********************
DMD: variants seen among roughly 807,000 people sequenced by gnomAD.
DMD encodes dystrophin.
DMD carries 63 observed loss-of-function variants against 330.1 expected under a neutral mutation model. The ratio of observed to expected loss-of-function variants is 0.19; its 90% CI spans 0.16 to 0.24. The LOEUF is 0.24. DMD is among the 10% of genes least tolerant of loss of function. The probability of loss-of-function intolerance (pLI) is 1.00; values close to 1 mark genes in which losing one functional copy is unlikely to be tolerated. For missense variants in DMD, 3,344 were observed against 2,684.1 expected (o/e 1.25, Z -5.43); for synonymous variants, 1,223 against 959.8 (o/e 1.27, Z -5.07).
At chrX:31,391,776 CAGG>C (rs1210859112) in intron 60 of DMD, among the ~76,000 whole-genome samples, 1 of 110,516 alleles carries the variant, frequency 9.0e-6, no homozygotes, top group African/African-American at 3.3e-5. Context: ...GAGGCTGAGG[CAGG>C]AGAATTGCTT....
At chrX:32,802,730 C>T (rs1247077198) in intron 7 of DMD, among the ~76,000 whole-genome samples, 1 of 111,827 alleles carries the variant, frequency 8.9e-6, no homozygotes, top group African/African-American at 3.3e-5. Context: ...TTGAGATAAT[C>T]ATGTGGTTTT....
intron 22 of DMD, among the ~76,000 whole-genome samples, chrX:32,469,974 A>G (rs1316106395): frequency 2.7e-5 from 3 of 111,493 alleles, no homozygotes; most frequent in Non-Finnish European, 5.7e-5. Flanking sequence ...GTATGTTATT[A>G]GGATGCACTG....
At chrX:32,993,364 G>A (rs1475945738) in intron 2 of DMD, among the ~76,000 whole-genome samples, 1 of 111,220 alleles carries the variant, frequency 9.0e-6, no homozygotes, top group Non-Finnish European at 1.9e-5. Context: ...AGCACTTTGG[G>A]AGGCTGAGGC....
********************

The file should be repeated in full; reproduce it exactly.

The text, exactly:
DMD: variants seen among roughly 807,000 people sequenced by gnomAD.
DMD encodes dystrophin.
DMD carries 63 observed loss-of-function variants against 330.1 expected under a neutral mutation model. The ratio of observed to expected loss-of-function variants is 0.19; its 90% CI spans 0.16 to 0.24. The LOEUF is 0.24. DMD is among the 10% of genes least tolerant of loss of function. The probability of loss-of-function intolerance (pLI) is 1.00; values close to 1 mark genes in which losing one functional copy is unlikely to be tolerated. For missense variants in DMD, 3,344 were observed against 2,684.1 expected (o/e 1.25, Z -5.43); for synonymous variants, 1,223 against 959.8 (o/e 1.27, Z -5.07).
At chrX:31,391,776 CAGG>C (rs1210859112) in intron 60 of DMD, among the ~76,000 whole-genome samples, 1 of 110,516 alleles carries the variant, frequency 9.0e-6, no homozygotes, top group African/African-American at 3.3e-5. Context: ...GAGGCTGAGG[CAGG>C]AGAATTGCTT....
At chrX:32,802,730 C>T (rs1247077198) in intron 7 of DMD, among the ~76,000 whole-genome samples, 1 of 111,827 alleles carries the variant, frequency 8.9e-6, no homozygotes, top group African/African-American at 3.3e-5. Context: ...TTGAGATAAT[C>T]ATGTGGTTTT....
intron 22 of DMD, among the ~76,000 whole-genome samples, chrX:32,469,974 A>G (rs1316106395): frequency 2.7e-5 from 3 of 111,493 alleles, no homozygotes; most frequent in Non-Finnish European, 5.7e-5. Flanking sequence ...GTATGTTATT[A>G]GGATGCACTG....
At chrX:32,993,364 G>A (rs1475945738) in intron 2 of DMD, among the ~76,000 whole-genome samples, 1 of 111,220 alleles carries the variant, frequency 9.0e-6, no homozygotes, top group Non-Finnish European at 1.9e-5. Context: ...AGCACTTTGG[G>A]AGGCTGAGGC....